This is a trope of Bond stories; Fleming must have had a fear of drowning. I give him that experience in my book, Too Bad to Die, which is the story of Ian Fleming going undercover as a spy named James Bond during World War II, in an effort to prevent the Germans from assassinating Churchill, Roosevelt, and Stalin. But I also give him something much more valuable: Siranoush, an assassin trained by SMERSH—the division of the KGB’s wartime precursor, the NKVD, responsible for counterintelligence. (You thought Fleming invented SMERSH, didn’t you? Nope. He just followed its activities during his own operative period. SMERSH is a Russian acronym that translates as “Death to Spies.”) Siranoush knows all the tradecraft and techniques Ian Fleming lacks as a London-bound desk jockey. Plus, she introduces him to vodka—shaken, not stirred. I thought it was time Bond took lessons from a competent, glamorous, and intelligent woman for a change.
I often tell people that all writers begin life as readers—and that the things we’re obsessed with as children have a way of following us through the years.
So it can hardly have been a surprise that, having exited seven years of higher education without any skill beyond the ability to read and write, I applied to the CIA. One year-long FBI background check and a polygraph later, I found myself in the Agency’s Career Trainee program—required of those slated for the covert world, but granted like a special treat to a few of us destined for Harriet’s analytic life. For the space of several months, I got to do what every proto-spy dreams of. I rappelled off a helicopter skid with an M16 strapped to my back. I endured escape-and-evasion survival training, while helicopters with forward-looking infra-red hunted me from the air. I fired grenade guns at tanks and took agent meetings in safehouses and was fitted with a disguise by the Agency section we lovingly call Q branch, after the Bond films. I left exposed film cartridges in a discarded milk carton under a particular step on the Exorcist stairs that run between M Street and N Street in Georgetown—otherwise known as a dead drop. I tried to keep my husband from spilling the beans about my mysterious absences from “the State Department” each week while I lived at The Farm, the Agency’s covert ops facility.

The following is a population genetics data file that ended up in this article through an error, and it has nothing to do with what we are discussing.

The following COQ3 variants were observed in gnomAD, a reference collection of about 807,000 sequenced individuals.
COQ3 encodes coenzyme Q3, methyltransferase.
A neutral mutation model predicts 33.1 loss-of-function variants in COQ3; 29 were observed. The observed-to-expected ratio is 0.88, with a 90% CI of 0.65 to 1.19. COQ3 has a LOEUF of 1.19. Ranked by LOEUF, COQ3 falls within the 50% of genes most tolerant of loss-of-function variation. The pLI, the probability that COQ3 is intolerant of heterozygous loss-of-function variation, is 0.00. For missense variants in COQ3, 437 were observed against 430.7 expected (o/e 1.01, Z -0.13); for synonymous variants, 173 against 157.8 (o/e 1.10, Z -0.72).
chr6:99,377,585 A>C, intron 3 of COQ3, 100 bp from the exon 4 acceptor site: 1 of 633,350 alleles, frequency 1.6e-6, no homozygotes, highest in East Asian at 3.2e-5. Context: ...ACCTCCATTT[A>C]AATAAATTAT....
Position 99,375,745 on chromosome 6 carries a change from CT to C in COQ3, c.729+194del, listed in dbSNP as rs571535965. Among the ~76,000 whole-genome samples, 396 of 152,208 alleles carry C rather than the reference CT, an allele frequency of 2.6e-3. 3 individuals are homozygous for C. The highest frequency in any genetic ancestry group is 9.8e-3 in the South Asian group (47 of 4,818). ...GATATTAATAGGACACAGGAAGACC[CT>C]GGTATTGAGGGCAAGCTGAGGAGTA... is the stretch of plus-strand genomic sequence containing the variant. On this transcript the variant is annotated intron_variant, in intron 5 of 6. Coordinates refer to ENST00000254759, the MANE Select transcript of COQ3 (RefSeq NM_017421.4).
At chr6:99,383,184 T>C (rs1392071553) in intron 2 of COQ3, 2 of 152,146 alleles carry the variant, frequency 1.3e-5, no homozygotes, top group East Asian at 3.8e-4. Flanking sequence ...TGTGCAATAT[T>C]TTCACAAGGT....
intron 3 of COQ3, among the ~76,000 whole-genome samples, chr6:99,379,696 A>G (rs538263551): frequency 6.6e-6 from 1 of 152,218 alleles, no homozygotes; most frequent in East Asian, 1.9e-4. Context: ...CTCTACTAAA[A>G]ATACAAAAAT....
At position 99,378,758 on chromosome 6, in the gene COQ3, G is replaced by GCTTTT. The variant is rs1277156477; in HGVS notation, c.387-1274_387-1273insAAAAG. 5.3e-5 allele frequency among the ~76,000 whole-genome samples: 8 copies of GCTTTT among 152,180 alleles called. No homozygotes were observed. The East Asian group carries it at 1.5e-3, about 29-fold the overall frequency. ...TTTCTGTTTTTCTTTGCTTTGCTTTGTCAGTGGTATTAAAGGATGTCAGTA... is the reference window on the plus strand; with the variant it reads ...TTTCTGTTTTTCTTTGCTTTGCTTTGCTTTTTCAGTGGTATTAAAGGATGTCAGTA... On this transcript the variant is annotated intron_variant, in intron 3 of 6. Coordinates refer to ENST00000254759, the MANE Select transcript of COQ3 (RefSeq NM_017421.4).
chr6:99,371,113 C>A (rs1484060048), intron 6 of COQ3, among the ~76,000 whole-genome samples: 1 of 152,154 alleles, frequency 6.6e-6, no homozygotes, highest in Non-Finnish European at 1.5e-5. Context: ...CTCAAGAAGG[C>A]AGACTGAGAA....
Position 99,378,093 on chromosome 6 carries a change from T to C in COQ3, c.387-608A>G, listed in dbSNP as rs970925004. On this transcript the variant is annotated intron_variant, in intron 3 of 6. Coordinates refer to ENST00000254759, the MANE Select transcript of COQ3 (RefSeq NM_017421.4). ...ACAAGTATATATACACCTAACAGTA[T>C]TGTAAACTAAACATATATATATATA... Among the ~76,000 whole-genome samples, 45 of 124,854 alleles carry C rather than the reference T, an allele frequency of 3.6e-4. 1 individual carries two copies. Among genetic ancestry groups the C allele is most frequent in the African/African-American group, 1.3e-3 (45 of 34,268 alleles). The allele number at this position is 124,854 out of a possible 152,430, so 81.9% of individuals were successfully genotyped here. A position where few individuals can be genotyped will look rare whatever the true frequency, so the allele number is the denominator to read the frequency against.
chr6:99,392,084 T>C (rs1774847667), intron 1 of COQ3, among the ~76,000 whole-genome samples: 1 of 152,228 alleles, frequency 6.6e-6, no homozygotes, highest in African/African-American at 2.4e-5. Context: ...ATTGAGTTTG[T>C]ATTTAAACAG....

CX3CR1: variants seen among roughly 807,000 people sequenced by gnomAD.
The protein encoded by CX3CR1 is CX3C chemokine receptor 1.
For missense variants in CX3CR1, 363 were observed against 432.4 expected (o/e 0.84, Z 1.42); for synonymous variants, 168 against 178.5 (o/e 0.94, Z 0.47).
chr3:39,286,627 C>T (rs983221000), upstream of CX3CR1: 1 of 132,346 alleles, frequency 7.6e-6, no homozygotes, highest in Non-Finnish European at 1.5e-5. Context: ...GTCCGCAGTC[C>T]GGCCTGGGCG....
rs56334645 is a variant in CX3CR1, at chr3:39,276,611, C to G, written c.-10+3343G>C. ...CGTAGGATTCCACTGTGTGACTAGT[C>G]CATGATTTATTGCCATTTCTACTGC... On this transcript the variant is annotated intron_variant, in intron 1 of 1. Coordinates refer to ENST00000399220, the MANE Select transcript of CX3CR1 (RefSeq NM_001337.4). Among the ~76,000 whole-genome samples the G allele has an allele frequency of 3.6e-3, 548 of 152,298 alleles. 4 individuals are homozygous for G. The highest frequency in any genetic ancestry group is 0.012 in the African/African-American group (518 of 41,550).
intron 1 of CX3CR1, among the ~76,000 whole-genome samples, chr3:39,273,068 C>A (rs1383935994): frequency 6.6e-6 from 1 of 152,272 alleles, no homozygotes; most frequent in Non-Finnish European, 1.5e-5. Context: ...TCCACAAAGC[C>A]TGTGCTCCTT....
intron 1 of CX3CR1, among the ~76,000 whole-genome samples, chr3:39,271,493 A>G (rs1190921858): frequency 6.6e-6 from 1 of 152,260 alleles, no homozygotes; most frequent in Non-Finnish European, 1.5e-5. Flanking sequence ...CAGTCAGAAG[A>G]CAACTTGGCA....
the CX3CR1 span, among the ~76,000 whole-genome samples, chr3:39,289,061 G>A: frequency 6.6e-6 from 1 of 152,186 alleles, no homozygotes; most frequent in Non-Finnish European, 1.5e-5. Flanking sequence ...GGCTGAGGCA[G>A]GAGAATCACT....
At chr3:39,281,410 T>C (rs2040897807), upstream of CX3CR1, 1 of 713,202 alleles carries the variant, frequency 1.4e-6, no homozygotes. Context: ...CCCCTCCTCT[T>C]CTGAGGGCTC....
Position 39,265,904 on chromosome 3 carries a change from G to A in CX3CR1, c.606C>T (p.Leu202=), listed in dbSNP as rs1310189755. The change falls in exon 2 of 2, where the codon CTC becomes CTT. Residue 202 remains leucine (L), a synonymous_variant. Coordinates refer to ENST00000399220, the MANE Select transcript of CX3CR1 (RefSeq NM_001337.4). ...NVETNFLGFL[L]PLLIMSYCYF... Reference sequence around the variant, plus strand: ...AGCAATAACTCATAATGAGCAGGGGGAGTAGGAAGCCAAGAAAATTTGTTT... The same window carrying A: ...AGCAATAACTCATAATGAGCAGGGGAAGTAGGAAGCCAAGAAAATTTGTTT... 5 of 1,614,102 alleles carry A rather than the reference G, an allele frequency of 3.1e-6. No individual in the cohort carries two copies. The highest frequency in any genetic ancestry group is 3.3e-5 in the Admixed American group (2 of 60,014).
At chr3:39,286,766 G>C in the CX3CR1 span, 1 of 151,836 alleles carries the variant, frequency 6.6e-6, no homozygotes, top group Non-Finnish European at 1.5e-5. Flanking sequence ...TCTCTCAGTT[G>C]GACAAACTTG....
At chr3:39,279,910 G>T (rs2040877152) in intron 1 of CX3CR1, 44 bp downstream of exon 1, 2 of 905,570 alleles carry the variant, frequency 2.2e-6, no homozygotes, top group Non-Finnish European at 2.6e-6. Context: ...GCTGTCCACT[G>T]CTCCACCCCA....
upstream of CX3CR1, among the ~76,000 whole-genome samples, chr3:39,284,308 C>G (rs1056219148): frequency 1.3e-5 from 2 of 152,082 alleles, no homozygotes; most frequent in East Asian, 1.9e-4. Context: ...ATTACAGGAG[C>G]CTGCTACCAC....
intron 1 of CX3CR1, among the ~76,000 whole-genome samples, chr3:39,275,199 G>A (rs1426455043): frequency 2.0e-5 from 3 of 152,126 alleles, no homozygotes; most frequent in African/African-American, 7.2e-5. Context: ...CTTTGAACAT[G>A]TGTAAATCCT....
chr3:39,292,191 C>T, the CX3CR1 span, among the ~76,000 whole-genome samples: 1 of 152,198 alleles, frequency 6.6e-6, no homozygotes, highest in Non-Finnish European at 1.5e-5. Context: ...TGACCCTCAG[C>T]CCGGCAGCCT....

I learned to admire and love any number of people who live life in the shadows. I learned to treat espionage, its risks, and its immense value, with appropriate seriousness. But eventually, I came back around to my Destiny—and quit the job to write about it.
Truth may be stranger than fiction. But getting to tell a story is most of the fun of living it.
What are your spy-girl fantasies, friends?
Until next time—
DEBS: I am so ashamed to admit that I've never read Harriet the Spy. BUT, I discovered Ian Fleming's Bond novels when I was thirteen or fourteen, and loved them. Fortunately--I think--they didn't encourage me to wear high heels with bikinis, or drown.
I loved Helen MacInnes, too, particularly The Venetian Affair, which I intend to revisit. Spy fantasies? Not a Bond girl. But a Helen MacInnes heroine, definitely. The latest? I loved Rebecca Ferguson's Ilsa Faust in Mission Impossible: Rogue Nation. (And as a fun side note, it's Ilsa who saves Ethan Hunt from drowning in the big underwater scene.)
REDS and readers, did you read Fleming? And what are your Spy Girl fantasies?
Francine Mathews is the author of 25 novels of mystery and suspense, including the Jane Austen Mystery Series, written under the pseudonym Stephanie Barr